COBAP (Community Based AIDS Programme) is a local response to HIV in one of the slum areas in Kampala. It has carried out a number of activities, mainly to improve health and so to reduce the impact of HIV/AIDS in the community.
When it began in the early 1990s, COBAP struggled to mobilise the community. The community members stayed away from anything to do with COBAP, mainly because of the high levels of stigma associated with HIV/AIDS. Later, however, sick people started coming forward. They received treatment for infections, counselling and regular visits. These activities grew to include support for micro-credit and vocational skills training.
With time, the community response grew rapidly to the extent that COBAP was overwhelmed. The community was very appreciative of the work done. Now they wanted COBAP to help them do even more! Young people in particular requested help. COBAP carried out an assessment in order to understand their needs clearly, but it was already overstretched. It had a few resources that it could commit to this work but was not sure they would continue for very long. However, because the need was so great, they went ahead and got involved.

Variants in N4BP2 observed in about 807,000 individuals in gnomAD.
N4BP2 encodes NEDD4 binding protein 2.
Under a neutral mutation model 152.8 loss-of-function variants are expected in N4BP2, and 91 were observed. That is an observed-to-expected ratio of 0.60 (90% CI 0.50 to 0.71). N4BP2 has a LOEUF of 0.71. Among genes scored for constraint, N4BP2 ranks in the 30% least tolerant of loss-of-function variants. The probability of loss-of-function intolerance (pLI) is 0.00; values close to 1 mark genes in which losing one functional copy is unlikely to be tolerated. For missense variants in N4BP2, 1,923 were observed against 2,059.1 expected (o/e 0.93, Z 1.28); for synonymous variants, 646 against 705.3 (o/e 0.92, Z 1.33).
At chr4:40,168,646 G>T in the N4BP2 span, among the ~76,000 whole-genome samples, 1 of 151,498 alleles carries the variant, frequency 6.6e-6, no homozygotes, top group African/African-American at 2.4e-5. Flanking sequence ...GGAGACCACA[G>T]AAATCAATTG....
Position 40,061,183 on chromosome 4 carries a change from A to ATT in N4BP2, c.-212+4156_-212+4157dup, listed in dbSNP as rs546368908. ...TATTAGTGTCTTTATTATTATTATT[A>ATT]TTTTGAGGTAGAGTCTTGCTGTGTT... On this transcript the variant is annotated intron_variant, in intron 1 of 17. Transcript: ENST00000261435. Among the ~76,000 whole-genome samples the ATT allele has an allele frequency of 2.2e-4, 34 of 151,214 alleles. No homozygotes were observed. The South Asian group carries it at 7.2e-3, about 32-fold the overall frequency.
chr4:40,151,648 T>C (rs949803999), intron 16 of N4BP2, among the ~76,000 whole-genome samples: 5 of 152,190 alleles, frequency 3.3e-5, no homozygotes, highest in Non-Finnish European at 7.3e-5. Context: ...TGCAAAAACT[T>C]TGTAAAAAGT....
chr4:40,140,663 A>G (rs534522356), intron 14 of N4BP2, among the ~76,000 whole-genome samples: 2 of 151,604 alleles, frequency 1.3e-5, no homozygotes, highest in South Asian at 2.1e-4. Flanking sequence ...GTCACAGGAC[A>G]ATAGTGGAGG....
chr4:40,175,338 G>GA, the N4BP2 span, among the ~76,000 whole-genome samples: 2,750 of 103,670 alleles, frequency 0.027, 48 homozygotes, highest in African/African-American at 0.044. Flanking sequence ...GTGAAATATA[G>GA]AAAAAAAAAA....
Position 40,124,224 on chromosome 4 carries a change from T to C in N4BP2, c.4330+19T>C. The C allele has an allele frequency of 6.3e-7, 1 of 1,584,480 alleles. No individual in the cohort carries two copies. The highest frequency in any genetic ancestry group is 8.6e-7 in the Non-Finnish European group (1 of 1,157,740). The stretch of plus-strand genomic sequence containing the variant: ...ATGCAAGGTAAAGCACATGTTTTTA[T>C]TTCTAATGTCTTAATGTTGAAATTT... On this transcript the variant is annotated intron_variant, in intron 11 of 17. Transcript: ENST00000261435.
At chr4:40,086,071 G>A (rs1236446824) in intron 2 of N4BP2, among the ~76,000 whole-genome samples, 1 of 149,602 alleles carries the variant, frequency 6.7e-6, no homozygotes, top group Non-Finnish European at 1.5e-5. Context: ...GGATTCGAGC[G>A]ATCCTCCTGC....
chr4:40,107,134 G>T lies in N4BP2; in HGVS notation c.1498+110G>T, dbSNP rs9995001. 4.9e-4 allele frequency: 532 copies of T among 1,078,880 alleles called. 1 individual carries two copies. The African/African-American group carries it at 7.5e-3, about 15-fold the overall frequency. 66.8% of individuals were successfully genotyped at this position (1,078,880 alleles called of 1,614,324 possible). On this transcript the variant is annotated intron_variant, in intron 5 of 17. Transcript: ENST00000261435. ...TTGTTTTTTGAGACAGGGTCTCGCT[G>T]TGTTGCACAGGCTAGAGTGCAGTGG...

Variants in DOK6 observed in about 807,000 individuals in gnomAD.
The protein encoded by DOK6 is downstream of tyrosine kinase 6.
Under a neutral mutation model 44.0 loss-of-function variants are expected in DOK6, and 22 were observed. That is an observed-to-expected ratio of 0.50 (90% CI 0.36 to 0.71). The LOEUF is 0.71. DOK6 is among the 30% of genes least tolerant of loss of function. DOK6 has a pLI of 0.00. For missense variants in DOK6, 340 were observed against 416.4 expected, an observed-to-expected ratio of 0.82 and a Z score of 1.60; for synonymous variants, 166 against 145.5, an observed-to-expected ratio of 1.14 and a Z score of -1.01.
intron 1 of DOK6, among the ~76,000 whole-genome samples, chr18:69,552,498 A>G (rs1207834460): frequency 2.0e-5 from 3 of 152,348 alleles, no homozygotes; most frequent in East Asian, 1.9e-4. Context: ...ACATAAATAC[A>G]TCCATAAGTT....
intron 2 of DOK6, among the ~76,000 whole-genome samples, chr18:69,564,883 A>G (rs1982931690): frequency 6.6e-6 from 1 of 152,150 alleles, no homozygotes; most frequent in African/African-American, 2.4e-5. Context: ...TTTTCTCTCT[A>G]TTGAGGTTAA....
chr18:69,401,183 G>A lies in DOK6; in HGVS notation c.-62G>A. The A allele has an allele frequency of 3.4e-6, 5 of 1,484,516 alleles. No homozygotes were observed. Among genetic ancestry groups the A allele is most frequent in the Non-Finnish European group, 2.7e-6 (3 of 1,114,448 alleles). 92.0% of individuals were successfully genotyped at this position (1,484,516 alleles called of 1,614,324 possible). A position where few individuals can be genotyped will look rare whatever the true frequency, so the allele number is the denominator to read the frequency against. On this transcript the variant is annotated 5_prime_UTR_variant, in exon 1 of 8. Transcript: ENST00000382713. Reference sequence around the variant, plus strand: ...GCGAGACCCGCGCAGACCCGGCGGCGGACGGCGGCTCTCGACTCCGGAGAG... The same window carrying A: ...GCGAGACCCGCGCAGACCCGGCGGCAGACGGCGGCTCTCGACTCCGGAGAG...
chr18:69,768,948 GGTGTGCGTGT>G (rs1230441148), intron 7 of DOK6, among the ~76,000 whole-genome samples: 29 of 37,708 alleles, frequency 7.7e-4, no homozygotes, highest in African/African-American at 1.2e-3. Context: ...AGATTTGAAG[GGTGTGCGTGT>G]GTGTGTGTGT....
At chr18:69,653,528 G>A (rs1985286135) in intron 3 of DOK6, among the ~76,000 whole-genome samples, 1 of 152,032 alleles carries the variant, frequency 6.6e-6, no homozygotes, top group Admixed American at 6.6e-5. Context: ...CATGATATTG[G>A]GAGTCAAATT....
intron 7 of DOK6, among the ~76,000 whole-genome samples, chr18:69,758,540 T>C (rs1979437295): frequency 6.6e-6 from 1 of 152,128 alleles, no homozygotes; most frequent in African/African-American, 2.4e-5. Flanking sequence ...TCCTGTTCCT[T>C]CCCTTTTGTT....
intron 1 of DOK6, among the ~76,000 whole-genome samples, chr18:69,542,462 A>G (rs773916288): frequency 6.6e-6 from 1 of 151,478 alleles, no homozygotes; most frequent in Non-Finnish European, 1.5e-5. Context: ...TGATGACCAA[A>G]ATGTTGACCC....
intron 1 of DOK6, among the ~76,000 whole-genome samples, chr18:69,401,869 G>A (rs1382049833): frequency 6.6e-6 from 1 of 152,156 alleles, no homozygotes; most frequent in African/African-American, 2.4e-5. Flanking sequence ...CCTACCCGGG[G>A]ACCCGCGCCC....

It became increasingly clear to COBAP that in order to help target young people more meaningfully, they would need to partner with an organisation or people with experience in working with young people. Who could they work with? In what ways could they work together? Were they just looking for funding or for technical skills? How could the young people participate fully in the discussions? What about COBAP’s values – would another organisation share them?
These and other questions should be raised whenever groups are considering networking. It is very important to find good answers before beginning.
Finally, COBAP found a partner in ACET, with whom they shared aims, goals and values. This partner had more experience in working with young people. COBAP gained many benefits from this partnership. It was better able to achieve its objectives and to increase its impact with people in need, both in the short term and the medium term. The relationship opened COBAP’s eyes to considering other approaches and possible partnerships.